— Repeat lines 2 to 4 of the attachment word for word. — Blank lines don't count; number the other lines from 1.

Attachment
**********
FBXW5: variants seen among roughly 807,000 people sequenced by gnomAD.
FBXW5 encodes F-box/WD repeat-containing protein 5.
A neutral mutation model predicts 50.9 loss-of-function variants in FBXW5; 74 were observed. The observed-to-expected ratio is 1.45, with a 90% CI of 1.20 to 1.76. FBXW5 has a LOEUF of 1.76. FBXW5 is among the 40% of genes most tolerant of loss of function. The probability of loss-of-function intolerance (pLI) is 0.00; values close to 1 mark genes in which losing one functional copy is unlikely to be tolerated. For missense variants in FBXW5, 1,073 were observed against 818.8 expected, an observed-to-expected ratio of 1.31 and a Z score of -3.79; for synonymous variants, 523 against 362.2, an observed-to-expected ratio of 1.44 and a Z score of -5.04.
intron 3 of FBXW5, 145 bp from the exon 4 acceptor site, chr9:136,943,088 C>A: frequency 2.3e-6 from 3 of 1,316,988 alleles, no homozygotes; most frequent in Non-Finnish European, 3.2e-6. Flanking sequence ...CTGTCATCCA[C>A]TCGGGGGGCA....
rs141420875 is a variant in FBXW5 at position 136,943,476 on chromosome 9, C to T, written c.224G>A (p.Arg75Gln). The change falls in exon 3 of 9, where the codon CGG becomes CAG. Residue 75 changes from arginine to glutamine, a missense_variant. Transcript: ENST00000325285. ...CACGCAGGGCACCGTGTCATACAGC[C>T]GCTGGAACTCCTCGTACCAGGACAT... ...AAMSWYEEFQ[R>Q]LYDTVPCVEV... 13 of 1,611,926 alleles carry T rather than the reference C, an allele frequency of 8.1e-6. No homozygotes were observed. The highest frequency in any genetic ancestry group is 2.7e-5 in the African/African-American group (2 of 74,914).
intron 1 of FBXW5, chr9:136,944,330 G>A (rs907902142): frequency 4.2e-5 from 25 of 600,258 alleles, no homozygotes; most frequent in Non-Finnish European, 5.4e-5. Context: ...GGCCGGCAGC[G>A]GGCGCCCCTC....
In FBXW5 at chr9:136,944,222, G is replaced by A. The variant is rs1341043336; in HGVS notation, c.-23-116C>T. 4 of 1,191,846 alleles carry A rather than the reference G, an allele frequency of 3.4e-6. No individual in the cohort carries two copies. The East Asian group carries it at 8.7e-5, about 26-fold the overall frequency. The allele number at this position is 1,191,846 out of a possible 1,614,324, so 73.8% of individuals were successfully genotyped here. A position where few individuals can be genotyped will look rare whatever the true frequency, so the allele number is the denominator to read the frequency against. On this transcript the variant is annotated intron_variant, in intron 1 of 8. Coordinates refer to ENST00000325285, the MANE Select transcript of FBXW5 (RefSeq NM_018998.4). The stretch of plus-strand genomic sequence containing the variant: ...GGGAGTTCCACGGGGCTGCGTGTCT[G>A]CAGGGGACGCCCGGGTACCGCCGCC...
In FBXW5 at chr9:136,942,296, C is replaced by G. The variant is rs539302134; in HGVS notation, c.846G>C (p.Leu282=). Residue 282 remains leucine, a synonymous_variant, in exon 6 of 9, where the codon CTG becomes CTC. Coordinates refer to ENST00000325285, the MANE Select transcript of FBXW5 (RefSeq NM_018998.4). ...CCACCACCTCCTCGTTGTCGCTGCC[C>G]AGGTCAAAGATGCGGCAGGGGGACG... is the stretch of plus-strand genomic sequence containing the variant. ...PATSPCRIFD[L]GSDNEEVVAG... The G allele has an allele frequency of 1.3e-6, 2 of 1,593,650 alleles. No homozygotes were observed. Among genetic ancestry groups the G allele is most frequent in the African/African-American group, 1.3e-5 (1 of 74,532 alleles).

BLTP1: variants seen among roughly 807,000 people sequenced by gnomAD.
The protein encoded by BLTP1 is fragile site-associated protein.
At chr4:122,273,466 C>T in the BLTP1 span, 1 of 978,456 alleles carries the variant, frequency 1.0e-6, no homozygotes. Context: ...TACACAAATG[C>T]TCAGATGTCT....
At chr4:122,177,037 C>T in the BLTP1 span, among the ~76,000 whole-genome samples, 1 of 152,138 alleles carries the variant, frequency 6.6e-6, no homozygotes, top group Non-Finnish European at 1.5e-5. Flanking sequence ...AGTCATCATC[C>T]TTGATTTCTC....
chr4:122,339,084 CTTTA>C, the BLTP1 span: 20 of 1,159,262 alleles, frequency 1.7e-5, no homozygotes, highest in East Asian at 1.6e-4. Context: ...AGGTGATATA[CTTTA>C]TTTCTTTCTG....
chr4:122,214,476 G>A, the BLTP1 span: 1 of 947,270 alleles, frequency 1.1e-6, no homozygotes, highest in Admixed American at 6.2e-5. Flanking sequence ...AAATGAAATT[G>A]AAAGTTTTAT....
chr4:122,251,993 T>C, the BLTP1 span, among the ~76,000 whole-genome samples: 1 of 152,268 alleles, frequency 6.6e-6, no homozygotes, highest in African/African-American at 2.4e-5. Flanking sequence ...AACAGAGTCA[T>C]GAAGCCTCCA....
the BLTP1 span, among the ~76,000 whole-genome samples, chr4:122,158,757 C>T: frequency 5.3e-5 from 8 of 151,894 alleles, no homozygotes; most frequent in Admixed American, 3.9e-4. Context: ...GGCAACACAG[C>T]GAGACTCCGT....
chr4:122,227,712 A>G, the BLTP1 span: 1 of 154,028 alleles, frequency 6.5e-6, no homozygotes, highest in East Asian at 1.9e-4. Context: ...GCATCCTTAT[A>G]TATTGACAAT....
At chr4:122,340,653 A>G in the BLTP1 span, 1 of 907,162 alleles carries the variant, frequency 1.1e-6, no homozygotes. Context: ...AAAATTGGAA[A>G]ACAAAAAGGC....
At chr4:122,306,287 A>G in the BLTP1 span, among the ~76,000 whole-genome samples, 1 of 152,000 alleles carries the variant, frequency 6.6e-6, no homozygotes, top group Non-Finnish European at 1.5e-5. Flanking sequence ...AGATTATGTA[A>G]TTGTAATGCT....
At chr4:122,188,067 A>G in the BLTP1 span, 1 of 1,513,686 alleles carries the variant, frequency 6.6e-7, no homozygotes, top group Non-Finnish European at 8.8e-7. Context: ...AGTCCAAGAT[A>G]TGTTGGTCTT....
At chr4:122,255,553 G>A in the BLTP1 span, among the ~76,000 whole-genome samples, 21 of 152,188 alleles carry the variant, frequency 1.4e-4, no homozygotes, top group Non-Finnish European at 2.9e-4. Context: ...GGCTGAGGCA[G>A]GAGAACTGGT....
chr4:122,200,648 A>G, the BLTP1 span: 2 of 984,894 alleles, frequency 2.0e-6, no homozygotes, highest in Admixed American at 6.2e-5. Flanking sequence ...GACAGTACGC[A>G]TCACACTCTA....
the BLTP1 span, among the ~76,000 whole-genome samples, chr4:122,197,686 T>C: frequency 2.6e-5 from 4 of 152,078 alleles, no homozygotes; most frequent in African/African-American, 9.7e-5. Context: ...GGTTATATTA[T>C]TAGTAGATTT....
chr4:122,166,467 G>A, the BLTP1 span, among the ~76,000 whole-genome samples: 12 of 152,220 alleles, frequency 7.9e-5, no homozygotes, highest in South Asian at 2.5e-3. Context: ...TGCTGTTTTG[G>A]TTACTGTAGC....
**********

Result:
FBXW5 encodes F-box/WD repeat-containing protein 5.
A neutral mutation model predicts 50.9 loss-of-function variants in FBXW5; 74 were observed. The observed-to-expected ratio is 1.45, with a 90% CI of 1.20 to 1.76. FBXW5 has a LOEUF of 1.76. FBXW5 is among the 40% of genes most tolerant of loss of function. The probability of loss-of-function intolerance (pLI) is 0.00; values close to 1 mark genes in which losing one functional copy is unlikely to be tolerated. For missense variants in FBXW5, 1,073 were observed against 818.8 expected, an observed-to-expected ratio of 1.31 and a Z score of -3.79; for synonymous variants, 523 against 362.2, an observed-to-expected ratio of 1.44 and a Z score of -5.04.
intron 3 of FBXW5, 145 bp from the exon 4 acceptor site, chr9:136,943,088 C>A: frequency 2.3e-6 from 3 of 1,316,988 alleles, no homozygotes; most frequent in Non-Finnish European, 3.2e-6. Flanking sequence ...CTGTCATCCA[C>A]TCGGGGGGCA....